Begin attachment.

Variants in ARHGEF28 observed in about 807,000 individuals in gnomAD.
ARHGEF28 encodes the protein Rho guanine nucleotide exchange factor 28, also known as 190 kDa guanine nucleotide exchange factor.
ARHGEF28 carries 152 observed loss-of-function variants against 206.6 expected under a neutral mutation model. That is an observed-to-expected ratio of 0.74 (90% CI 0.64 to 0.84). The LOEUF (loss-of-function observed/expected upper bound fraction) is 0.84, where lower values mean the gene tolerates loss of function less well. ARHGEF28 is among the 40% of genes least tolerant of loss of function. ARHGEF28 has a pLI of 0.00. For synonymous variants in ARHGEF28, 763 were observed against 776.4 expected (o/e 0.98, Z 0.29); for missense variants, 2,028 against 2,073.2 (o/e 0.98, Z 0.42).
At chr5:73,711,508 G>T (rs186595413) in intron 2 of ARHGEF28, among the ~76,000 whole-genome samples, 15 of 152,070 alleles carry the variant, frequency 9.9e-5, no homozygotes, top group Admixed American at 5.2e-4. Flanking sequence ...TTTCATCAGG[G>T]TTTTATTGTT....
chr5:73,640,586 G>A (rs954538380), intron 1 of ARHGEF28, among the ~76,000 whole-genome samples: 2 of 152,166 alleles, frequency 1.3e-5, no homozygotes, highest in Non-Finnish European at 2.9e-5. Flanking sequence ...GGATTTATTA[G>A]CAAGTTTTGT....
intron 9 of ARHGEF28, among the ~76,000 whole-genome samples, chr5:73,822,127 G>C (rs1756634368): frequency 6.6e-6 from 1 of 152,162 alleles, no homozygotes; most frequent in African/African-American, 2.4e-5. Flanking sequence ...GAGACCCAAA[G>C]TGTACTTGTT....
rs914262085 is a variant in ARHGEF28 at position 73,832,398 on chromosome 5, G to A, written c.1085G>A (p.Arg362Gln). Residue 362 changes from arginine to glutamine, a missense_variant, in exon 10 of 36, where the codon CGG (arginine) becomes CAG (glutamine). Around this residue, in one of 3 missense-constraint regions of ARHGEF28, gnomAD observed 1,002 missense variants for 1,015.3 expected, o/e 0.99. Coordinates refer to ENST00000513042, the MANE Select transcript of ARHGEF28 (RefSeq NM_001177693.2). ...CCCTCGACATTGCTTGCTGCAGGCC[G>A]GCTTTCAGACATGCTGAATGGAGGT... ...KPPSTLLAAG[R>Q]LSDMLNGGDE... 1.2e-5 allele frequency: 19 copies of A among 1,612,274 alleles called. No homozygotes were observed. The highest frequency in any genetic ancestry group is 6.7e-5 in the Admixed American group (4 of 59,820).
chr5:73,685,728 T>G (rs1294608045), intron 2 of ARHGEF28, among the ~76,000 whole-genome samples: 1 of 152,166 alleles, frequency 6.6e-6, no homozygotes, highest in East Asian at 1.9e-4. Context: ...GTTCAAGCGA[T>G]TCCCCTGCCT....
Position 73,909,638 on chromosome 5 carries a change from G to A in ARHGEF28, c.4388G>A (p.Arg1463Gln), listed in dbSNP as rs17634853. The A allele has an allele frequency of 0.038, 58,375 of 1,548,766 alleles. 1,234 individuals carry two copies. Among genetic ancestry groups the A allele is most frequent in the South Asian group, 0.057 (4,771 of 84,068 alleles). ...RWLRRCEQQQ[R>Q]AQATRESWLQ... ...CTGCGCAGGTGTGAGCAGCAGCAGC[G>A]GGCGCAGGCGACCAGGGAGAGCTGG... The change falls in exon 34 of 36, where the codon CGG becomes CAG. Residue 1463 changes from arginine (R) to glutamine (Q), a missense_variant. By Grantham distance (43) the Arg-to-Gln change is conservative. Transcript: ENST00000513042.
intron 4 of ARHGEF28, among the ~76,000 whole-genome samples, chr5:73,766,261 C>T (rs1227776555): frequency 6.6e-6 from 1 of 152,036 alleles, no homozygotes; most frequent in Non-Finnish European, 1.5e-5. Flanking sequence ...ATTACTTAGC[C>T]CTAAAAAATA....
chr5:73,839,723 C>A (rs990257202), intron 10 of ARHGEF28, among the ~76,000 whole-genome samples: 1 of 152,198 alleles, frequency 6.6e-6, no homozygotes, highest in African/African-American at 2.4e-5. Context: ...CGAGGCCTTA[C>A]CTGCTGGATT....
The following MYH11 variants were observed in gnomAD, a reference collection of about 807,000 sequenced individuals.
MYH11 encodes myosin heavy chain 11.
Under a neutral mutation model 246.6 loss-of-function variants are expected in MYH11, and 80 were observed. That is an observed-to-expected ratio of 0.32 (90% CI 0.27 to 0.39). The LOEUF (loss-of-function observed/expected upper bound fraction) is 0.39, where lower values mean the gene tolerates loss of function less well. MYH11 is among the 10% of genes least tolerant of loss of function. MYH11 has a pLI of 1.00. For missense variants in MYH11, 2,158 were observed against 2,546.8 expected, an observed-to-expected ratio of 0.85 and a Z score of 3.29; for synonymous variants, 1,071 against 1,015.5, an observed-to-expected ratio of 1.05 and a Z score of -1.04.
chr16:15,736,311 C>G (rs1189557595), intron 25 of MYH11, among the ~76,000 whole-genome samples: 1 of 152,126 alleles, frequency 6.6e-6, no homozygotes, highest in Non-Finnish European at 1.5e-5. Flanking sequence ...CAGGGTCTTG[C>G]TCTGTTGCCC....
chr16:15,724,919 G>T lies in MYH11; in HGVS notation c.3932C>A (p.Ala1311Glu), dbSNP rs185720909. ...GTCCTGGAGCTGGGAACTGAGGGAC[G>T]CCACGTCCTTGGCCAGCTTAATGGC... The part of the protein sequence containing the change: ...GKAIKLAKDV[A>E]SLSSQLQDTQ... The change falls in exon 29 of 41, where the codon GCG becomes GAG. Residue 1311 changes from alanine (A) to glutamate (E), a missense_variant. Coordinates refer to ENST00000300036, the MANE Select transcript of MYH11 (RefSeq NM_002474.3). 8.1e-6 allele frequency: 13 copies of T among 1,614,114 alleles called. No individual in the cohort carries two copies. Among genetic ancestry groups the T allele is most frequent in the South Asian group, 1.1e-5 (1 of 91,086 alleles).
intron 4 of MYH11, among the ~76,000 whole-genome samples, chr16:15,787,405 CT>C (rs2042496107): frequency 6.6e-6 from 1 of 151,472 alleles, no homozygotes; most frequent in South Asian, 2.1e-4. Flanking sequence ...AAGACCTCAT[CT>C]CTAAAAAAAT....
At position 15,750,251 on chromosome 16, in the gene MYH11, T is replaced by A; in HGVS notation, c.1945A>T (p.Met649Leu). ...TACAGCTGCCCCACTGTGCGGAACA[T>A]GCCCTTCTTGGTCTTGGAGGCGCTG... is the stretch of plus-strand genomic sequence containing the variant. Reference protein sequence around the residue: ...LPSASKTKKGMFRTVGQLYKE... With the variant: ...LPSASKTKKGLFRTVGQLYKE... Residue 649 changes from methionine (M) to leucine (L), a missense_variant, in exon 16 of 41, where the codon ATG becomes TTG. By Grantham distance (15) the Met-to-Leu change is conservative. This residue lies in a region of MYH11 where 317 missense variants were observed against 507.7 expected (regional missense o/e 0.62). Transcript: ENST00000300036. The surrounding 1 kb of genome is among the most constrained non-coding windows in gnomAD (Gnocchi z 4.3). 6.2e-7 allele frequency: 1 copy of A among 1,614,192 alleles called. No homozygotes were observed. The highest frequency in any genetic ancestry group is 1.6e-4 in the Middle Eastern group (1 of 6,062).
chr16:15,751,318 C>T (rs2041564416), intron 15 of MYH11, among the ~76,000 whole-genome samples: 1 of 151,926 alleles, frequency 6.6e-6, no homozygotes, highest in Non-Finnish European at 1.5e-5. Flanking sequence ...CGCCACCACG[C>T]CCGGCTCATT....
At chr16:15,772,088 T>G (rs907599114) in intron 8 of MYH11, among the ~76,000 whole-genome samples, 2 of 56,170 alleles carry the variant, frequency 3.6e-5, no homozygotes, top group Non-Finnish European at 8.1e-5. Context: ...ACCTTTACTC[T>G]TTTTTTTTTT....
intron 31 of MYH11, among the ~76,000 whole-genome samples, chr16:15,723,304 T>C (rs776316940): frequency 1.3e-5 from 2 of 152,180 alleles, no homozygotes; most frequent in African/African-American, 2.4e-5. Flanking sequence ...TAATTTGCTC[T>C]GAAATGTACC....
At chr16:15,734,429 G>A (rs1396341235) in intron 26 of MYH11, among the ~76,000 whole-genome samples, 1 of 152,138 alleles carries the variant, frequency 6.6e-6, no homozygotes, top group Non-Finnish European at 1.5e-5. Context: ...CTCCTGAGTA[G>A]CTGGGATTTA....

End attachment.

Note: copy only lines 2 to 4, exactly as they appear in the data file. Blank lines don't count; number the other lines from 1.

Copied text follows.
ARHGEF28 encodes the protein Rho guanine nucleotide exchange factor 28, also known as 190 kDa guanine nucleotide exchange factor.
ARHGEF28 carries 152 observed loss-of-function variants against 206.6 expected under a neutral mutation model. That is an observed-to-expected ratio of 0.74 (90% CI 0.64 to 0.84). The LOEUF (loss-of-function observed/expected upper bound fraction) is 0.84, where lower values mean the gene tolerates loss of function less well. ARHGEF28 is among the 40% of genes least tolerant of loss of function. ARHGEF28 has a pLI of 0.00. For synonymous variants in ARHGEF28, 763 were observed against 776.4 expected (o/e 0.98, Z 0.29); for missense variants, 2,028 against 2,073.2 (o/e 0.98, Z 0.42).
At chr5:73,711,508 G>T (rs186595413) in intron 2 of ARHGEF28, among the ~76,000 whole-genome samples, 15 of 152,070 alleles carry the variant, frequency 9.9e-5, no homozygotes, top group Admixed American at 5.2e-4. Flanking sequence ...TTTCATCAGG[G>T]TTTTATTGTT....